Home  › Marketing › Strategies

Strategies for Writing Tighter

  |  April 3, 2001   |  Comments

With or without a keyboard, high-octane coffee, or a full lexicon, there's more than one way to become a tighter writer. Read how others have honed their craft.

Two weeks ago I wrote about writing for wireless devices. I said I'd written the first draft of the article on my personal digital assistant (PDA), using a stylus to poke an onscreen keyboard, to get into the "zone."

I said I thought the experience had made me a tighter writer, and I recommended it for other writers.

That didn't sit well with Robert Young, a writer in Geelong, Australia.

"I've agreed with nearly everything you've said in previous articles," he said, "and have a high regard for your expertise. But after reading your last column, I can only assume you've either slipped a cog or drunk too much of that Seattle coffee.

"Do you seriously think that drawing silly characters on a screen or poking at a keypad with a pointy stick will make me a better writer? Do you seriously expect me to deliberately take five times as long to write an article just to have a 'user experience'?"

Ouch.

But then he offered a lovely analogy: "A famous American actor once asked a famous Australian actor to shout at him and slap him around in order to help him get into character for a fight scene.

"The Australian replied, 'Why don't you just try acting?'

"So I say to you, Kathy, instead of going through these silly PDA machinations, why don't you just try writing?"

Due Diligence

Robert has a point. Being a good writer is like being a good actor. It's like being a good composer or a good golfer. That is, you're nowhere without talent, and to get anywhere at all you have to "do it" -- act, compose, golf, or write -- diligently. You have to practice your craft every possible moment.

But practicing your craft means more than writing melodies, playing three rounds of golf a day, or showing up for rehearsals seven days a week. Beethoven wouldn't have written the Ninth Symphony, Tiger Woods wouldn't have won every Major, and Julia Roberts wouldn't have gotten the Oscar for best actress without grueling, lonely hours of practicing different aspects of their craft day after day.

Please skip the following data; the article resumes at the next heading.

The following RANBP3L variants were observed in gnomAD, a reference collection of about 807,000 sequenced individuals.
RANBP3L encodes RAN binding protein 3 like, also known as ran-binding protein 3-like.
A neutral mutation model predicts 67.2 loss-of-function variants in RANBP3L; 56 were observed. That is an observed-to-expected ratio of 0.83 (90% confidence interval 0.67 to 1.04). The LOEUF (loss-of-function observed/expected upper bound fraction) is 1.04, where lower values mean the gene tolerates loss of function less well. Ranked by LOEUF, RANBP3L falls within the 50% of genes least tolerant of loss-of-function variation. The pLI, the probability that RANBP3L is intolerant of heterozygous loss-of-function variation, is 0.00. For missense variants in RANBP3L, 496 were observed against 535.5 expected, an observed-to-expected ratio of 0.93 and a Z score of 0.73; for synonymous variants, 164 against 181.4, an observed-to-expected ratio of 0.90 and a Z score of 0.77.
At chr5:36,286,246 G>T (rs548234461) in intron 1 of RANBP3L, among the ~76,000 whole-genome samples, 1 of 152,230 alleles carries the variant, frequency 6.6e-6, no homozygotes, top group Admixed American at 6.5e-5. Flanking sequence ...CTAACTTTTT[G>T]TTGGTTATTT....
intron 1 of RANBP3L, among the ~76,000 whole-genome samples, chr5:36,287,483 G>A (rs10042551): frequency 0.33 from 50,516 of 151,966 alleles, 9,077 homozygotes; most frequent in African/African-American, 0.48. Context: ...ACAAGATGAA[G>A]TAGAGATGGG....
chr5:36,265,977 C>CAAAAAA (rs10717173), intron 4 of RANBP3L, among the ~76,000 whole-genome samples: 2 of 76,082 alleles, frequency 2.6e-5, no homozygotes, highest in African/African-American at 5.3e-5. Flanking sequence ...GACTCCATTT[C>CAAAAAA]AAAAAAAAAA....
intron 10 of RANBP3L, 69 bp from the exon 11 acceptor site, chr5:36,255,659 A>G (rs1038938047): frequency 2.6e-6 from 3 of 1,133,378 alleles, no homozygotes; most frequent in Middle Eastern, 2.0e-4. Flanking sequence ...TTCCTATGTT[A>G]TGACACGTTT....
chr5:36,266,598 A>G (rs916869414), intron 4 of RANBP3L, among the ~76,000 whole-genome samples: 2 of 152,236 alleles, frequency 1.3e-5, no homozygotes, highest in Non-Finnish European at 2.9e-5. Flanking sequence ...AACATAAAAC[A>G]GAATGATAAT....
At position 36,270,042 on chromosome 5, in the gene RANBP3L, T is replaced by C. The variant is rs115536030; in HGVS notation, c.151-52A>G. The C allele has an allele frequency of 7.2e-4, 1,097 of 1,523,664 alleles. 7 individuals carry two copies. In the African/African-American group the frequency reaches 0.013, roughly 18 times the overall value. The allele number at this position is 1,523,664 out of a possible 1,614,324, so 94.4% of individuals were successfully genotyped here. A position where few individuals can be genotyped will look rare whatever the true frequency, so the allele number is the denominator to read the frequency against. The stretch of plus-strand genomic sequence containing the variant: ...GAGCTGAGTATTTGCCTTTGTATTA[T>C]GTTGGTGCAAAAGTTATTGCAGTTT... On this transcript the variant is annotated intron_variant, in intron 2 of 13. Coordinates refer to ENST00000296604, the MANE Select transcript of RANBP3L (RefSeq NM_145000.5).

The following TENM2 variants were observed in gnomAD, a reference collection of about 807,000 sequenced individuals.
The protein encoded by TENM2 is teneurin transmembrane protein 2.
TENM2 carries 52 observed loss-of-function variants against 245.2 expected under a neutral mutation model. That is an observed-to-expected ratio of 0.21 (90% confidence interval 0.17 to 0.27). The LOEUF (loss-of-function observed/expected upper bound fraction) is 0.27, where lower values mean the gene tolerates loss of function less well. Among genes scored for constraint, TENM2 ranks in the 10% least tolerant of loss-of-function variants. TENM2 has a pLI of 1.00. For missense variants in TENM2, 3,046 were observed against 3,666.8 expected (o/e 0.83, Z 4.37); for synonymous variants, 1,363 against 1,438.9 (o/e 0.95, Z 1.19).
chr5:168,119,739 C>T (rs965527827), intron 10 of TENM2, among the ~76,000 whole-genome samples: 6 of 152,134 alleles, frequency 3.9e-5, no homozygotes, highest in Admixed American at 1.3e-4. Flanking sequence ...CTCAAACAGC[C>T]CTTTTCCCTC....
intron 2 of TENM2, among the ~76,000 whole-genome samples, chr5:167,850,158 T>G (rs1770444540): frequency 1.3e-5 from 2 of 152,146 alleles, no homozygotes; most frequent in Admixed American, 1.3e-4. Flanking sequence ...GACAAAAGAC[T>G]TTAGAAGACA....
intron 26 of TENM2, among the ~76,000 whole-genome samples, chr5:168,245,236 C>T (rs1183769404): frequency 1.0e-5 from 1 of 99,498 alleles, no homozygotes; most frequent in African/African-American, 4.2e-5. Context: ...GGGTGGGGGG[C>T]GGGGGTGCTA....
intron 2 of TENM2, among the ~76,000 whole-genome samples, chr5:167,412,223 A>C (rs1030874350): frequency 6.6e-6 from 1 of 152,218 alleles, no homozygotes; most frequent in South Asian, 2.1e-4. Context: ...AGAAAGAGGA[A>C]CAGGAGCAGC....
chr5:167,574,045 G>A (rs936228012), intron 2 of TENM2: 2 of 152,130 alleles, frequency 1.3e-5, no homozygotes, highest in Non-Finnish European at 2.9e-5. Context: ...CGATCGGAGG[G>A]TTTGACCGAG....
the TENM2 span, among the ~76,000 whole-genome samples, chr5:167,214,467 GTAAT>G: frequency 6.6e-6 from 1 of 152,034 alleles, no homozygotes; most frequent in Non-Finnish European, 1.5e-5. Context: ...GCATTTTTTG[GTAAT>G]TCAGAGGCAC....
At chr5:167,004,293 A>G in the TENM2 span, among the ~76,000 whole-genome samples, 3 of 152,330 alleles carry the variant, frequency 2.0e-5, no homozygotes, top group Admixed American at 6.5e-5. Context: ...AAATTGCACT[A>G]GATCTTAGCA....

Here's my own analogy. Years ago I was a marathon runner. When I was training for a marathon, following the advice of running experts I would do two things: Some days I would run long miles at an aerobic pace, while other days I would run short wind sprints at an anaerobic pace.

Typing my article on a PDA reminded me of running wind sprints. It was painful, but it tightened my writing in ways that typing on a keyboard and looking at a big screen couldn't.

Having to Choose the Right Word the First Time

I also received email from Avanti Kumar, a British journalist living in Kuala Lumpur, Malaysia.

"I've planned and written whole articles on my PDA using on-screen graffiti," he wrote, "as it is the only way for me to write my columns while maintaining the responsibilities of my 'day job.' As you said, this is tedious!

"Even with the keyboard PDA, there is a forced economy when writing. So there is certainly an impact on style: It forces you to choose the right word even in the first draft."

Someone Had to Say It

A comment from Eric Miller, an advertising writer in Raleigh, NC, made me laugh:

"I used to write tight, but I couldn't handle the hangovers." Touchi.